Bringing Nature Inside
Nate and Kimberly in her home
For Kimberly Dellamonica, a perfect house is one that's "tropical, tranquil, luxurious and really inviting—I want people to feel comfortable as soon as they walk in the door." Mission accomplished, says Nate. "This place is like a sanctuary, a Zen retreat."

When Kimberly and her husband, Mark, began renovating their lagoon-front condo near San Francisco, she took her cues from her favorite holiday destinations: Southeast Asia, which she frequented in her 10 years as a flight attendant, and Mexican resorts such as Las Ventanas al Paraíso and Esperanza, both in Cabo San Lucas.

"I love the beach lifestyle," Kimberly explains. "So I told my husband, 'Let's just do it in our house.'"

Nate surprised winner Kimberly Dellamonica with an orchid, which fits perfectly in her tropical-themed home.
Kimberly's husband built floating stairs.
Luckily, Mark, a businessman by day, was game for some hands-on work at home. "I'll say, 'Honey, I want floating stairs,' and he just gets his hammer and nails and goes for it," Kimberly says. Mark also fabricated sconces for the stair wall and installed decorative beams in the dining room. By building the look into the home's very architecture, the couple kept the house from veering into the realm of tropical kitsch.

Give small plants a bigger presence by putting them in large cachepots. Just fill the container with packing peanuts or Bubble Wrap before placing the plant on top.
Kimberly made this room neutral but not boring.
Nate also notes how Kimberly kept her design choices consistent. "Everywhere you look, there are natural materials. And she chose soothing colors on the first floor—that's very typical in resorts. The whole place feels grounded and organic, even down to the accessories." In the living room, for example, a palm-wood sculpture hangs over the mantelpiece, an Asian steamer basket serves as a cocktail table, and a majestic palm invokes the tropical forests of its native Madagascar.

Mirrors are one of the best ways to open a tight space. This wall-facing desk feels less claustrophobic because it's tucked under an oversize looking glass.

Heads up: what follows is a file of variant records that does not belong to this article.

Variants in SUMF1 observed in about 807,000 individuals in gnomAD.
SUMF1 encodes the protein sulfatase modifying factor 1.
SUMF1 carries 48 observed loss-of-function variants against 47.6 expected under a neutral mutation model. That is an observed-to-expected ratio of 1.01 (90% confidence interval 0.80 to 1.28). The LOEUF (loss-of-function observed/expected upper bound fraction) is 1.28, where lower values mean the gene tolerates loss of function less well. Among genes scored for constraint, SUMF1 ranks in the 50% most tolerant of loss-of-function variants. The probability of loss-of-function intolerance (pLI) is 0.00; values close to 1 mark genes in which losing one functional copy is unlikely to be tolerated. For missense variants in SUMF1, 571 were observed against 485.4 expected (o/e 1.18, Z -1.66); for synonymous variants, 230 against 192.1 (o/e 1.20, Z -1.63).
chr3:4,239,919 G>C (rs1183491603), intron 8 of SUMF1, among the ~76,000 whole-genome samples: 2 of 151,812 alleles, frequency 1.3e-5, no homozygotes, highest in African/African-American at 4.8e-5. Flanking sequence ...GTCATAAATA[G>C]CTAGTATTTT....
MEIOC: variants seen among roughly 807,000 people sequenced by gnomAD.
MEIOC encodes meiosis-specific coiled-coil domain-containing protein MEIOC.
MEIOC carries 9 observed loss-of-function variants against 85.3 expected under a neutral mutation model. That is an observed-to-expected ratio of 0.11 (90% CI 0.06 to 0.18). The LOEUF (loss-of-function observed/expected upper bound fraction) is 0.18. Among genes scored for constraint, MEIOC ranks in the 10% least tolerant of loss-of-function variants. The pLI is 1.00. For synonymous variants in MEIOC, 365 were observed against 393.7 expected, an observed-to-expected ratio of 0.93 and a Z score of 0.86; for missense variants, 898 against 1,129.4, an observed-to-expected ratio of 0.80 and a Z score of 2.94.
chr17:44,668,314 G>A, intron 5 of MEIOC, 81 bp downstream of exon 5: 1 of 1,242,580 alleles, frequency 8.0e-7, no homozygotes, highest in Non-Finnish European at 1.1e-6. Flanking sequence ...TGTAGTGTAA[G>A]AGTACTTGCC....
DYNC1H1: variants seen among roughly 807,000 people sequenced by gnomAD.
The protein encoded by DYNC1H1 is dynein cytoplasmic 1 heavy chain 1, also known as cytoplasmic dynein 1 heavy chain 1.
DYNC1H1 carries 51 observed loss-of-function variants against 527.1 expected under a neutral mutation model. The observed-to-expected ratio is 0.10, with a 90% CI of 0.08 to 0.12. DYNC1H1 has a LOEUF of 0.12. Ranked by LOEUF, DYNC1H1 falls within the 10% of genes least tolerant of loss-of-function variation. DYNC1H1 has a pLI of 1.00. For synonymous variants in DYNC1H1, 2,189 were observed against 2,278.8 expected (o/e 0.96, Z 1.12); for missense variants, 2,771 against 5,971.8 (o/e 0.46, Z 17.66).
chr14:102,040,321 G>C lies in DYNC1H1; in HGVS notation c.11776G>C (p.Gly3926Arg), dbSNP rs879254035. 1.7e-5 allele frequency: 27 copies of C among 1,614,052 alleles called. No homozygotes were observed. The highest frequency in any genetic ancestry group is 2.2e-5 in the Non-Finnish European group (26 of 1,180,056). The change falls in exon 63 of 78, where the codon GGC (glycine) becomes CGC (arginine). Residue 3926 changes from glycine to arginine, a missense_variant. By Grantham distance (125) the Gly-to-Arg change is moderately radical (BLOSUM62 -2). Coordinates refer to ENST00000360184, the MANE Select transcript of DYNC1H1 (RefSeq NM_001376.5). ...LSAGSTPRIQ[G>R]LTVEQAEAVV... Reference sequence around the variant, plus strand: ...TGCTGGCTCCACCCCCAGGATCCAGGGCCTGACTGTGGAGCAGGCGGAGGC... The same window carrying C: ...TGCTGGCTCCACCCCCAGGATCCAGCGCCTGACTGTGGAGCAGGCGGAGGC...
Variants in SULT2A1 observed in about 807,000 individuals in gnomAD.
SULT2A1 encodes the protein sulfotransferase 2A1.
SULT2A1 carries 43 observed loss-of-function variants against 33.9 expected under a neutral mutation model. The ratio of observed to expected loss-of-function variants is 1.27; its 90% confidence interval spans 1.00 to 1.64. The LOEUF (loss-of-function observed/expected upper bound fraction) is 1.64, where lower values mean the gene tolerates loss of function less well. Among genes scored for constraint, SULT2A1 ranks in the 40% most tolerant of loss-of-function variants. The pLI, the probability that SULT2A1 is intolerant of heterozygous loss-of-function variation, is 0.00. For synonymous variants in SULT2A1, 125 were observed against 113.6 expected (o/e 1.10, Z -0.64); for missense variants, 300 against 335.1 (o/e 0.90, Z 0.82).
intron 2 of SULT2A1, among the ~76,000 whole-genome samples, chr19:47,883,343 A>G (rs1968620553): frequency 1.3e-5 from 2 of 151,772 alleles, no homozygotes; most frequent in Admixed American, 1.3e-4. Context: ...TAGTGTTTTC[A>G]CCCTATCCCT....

Neutral is not another word for boring. Kimberly varied this room's earthy palette with several tones and textures—from the glossy chocolate-brown lamp and woven caramel basket to the sueded tan chair. The few hits of bright color—the green palm leaves and fuchsia orchid—are straight from nature.

Kimberly found the suede chair for her loft-office at Pottery Barn.
Kimberly's tropical bedroom
Nate appreciates what these design decisions reflect about the couple and their home: "They really honor themselves and their guests by having everything so beautifully arranged," he says. "It shows what a couple can accomplish when they work together."

Kimberly created the duvet cover in her master bedroom by sewing two sheets together.
Kimberly filled gaps with beach rocks.
Even without a green thumb, you can bring natural materials into your home—as Kimberly did with these large bamboo stalks, which are sold at local flower marts. When a miscalculation created a gap between the carpet in Kimberly's bathroom and its threshold, she filled the space with grouted beach rocks. The fix worked out so well that she repeated it in every doorway.

"When people decorate with a theme, as Kimberly did with her tropical retreat, they often think that buying accessories to 'fit' that theme is enough," Nate says. "But Kimberly and her husband went above and beyond—they redid the doors, the hinges, the walls. Even the vanity in the bathroom was roughed up to look like old wood. It's more than just design, and that's what makes this home so successful."

More with other O at Home contest winners…